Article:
Featured Research

from universities, journals, and other organizations

How to divide and conquer 'social network' of cells

Date:
January 11, 2010
Source:
University of Montreal
Summary:
On Noah's Ark animals came in twos: male and female. In human bodies trillions of cells are coupled, too, and so are the molecules from which they are composed. Yet these don't come in twos, they are regrouped into indistinguishable clusters. Because these complex cell networks are the backbone of life -- and illness -- scientists have long searched for ways to splice cell clusters down to their original pairs.

On Noah's Ark animals came in twos: male and female. In human bodies trillions of cells are coupled, too, and so are the molecules from which they are composed. Yet these don't come in twos, they are regrouped into indistinguishable clusters. Because these complex cell networks are the backbone of life -- and illness -- scientists have long searched for ways to splice cell clusters down to their original pairs.

Related Articles


According to a new study in the journal Nature Methods, Université de Montréal scientists Stephen Michnick and Po Hien Ear have managed the feat of dividing cell networks down to their genesis. The discovery could have applications for diseases such as cancer, where blood-thirsty cells could be decoupled to curb their multiplication in the human body.

"We have provided a simple way to decouple one cellular network from another," says Dr. Michnick, a Université de Montréal biochemistry professor and Canada Research Chair in Integrative Genomics. "Once decoupled, we could clearly distinguish what one network was doing versus another."

As part of their study, the researchers reproduced gene networks using baker's yeast -- a cellular organism proven to resemble the critical functions of human cells. "We cut out relationships between cells to see which are crucial and which are not," explains Dr. Michnick. "We found that de-coupling cells permitted growth regulation. One way to attack cancer would be to find molecules that decouple other networks (as we did), slow down its growth and weaken the illness."


Story Source:

The above story is based on materials provided by University of Montreal. Note: Materials may be edited for content and length.


Journal Reference:

  1. Ear et al. A general life-death selection strategy for dissecting protein functions. Nature Methods, 2009; 6 (11): 813 DOI: 10.1038/nmeth.1389

Cite This Page:

University of Montreal. "How to divide and conquer 'social network' of cells." ScienceDaily. ScienceDaily, 11 January 2010. <www.sciencedaily.com/releases/2009/11/091109121211.htm>.
University of Montreal. (2010, January 11). How to divide and conquer 'social network' of cells. ScienceDaily. Retrieved February 28, 2015 from www.sciencedaily.com/releases/2009/11/091109121211.htm
University of Montreal. "How to divide and conquer 'social network' of cells." ScienceDaily. www.sciencedaily.com/releases/2009/11/091109121211.htm (accessed February 28, 2015).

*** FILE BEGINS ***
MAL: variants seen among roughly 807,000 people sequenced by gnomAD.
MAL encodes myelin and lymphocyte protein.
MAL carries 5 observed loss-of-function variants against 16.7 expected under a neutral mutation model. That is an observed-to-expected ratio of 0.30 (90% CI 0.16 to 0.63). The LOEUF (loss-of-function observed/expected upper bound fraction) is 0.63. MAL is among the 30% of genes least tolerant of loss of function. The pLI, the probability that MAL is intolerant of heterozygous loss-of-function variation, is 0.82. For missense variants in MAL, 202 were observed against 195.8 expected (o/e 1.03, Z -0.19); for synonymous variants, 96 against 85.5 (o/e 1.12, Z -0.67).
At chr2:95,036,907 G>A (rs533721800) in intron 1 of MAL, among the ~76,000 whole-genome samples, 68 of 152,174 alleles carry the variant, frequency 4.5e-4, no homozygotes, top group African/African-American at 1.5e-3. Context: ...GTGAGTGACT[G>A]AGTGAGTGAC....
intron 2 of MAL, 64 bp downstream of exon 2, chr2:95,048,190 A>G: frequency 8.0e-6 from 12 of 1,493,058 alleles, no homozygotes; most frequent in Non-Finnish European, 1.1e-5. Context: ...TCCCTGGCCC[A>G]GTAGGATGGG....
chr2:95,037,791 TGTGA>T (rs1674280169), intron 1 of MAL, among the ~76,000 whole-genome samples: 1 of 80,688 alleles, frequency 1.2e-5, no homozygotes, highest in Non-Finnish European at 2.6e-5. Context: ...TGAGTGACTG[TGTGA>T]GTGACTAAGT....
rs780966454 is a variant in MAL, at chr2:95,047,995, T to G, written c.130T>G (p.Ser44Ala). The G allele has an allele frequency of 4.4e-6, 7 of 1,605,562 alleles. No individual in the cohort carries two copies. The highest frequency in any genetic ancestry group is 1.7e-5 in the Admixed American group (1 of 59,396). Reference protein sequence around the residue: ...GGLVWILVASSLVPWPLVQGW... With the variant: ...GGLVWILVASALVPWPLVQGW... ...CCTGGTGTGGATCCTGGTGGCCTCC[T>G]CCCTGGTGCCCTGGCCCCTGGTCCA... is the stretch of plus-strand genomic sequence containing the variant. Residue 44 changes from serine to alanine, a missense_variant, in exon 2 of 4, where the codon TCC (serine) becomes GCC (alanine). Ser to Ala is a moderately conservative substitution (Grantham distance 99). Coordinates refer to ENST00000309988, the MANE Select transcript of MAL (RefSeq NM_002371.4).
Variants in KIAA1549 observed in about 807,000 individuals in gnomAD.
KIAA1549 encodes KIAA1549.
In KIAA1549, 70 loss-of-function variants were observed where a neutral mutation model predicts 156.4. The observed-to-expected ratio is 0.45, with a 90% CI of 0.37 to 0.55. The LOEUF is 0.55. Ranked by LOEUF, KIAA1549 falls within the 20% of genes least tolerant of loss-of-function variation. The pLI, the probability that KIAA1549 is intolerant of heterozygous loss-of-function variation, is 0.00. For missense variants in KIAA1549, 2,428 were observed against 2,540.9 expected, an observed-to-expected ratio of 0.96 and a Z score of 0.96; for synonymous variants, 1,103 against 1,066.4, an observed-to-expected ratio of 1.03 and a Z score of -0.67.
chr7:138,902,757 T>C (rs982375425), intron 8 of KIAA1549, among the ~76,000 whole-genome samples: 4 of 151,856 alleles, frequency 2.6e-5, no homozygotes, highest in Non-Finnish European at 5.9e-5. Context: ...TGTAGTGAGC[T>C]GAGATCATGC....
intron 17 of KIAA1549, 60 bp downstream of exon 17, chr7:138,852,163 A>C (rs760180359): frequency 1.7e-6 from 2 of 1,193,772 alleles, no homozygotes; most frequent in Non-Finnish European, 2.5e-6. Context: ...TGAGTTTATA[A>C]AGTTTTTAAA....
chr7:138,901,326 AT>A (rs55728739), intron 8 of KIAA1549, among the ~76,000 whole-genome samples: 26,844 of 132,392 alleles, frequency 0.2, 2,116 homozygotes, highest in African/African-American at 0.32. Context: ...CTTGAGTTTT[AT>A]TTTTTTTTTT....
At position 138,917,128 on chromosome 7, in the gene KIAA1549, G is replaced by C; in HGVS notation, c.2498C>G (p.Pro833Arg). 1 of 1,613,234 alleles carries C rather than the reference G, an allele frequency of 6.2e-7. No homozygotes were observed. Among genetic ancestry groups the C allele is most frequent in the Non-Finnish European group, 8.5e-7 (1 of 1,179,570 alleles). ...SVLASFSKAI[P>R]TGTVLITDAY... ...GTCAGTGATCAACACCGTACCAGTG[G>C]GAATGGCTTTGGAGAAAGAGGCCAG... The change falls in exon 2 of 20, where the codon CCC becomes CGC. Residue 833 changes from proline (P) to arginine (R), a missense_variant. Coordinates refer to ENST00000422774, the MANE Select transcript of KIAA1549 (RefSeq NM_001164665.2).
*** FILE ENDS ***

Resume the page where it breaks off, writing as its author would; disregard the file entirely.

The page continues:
Share This


More From ScienceDaily



More Health & Medicine News

Saturday, February 28, 2015

Featured Research

from universities, journals, and other organizations


Featured Videos

from AP, Reuters, AFP, and other news services

Could a $34 Smartphone Device Improve HIV Diagnosis in Africa?

Could a $34 Smartphone Device Improve HIV Diagnosis in Africa?

Reuters - Innovations Video Online (Feb. 27, 2015) — A dongle that plugs into a Smartphone mimics a lab-based blood test for HIV and syphilis and can detect the diseases in 15 minutes, say researchers. Tara Cleary reports. Video provided by Reuters
Powered by NewsLook.com
Doctor Says Head Transplants Possible Within Two Years

Doctor Says Head Transplants Possible Within Two Years

Buzz60 (Feb. 27, 2015) — An Italian doctor is saying he could stick someone&apos;s head onto someone else&apos;s body. Patrick Jones (@Patrick_E_Jones) reports. Video provided by Buzz60
Powered by NewsLook.com
How Your Dentist Could Help Screen You For Diabetes

How Your Dentist Could Help Screen You For Diabetes

Newsy (Feb. 27, 2015) — A new study from researchers at New York University suggests dentists could soon use blood samples taken from patients&apos; mouths to test for diabetes. Video provided by Newsy
Powered by NewsLook.com
The Best Tips to Makeover Your Health

The Best Tips to Makeover Your Health

Buzz60 (Feb. 27, 2015) — If you&apos;re looking to boost your health this season, there are a few quick and easy steps to prompt you for success. Krystin Goodwin (@Krystingoodwin) has the best tips to give your health a makeover this spring! Video provided by Buzz60
Powered by NewsLook.com

Search ScienceDaily

Number of stories in archives: 140,361

Find with keyword(s):
 
Enter a keyword or phrase to search ScienceDaily for related topics and research stories.

Save/Print:
Share:  

Breaking News:

Strange & Offbeat Stories

 

Health & Medicine

Mind & Brain

Living & Well

In Other News

... from NewsDaily.com

Science News

Health News

Environment News

Technology News



Save/Print:
Share:  

Free Subscriptions


Get the latest science news with ScienceDaily's free email newsletters, updated daily and weekly. Or view hourly updated newsfeeds in your RSS reader:

Get Social & Mobile


Keep up to date with the latest news from ScienceDaily via social networks and mobile apps:

Have Feedback?


Tell us what you think of ScienceDaily -- we welcome both positive and negative comments. Have any problems using the site? Questions?
Mobile iPhone Android Web
Follow Facebook Twitter Google+
Subscribe RSS Feeds Email Newsletters
Latest Headlines Health & Medicine Mind & Brain Space & Time Matter & Energy Computers & Math Plants & Animals Earth & Climate Fossils & Ruins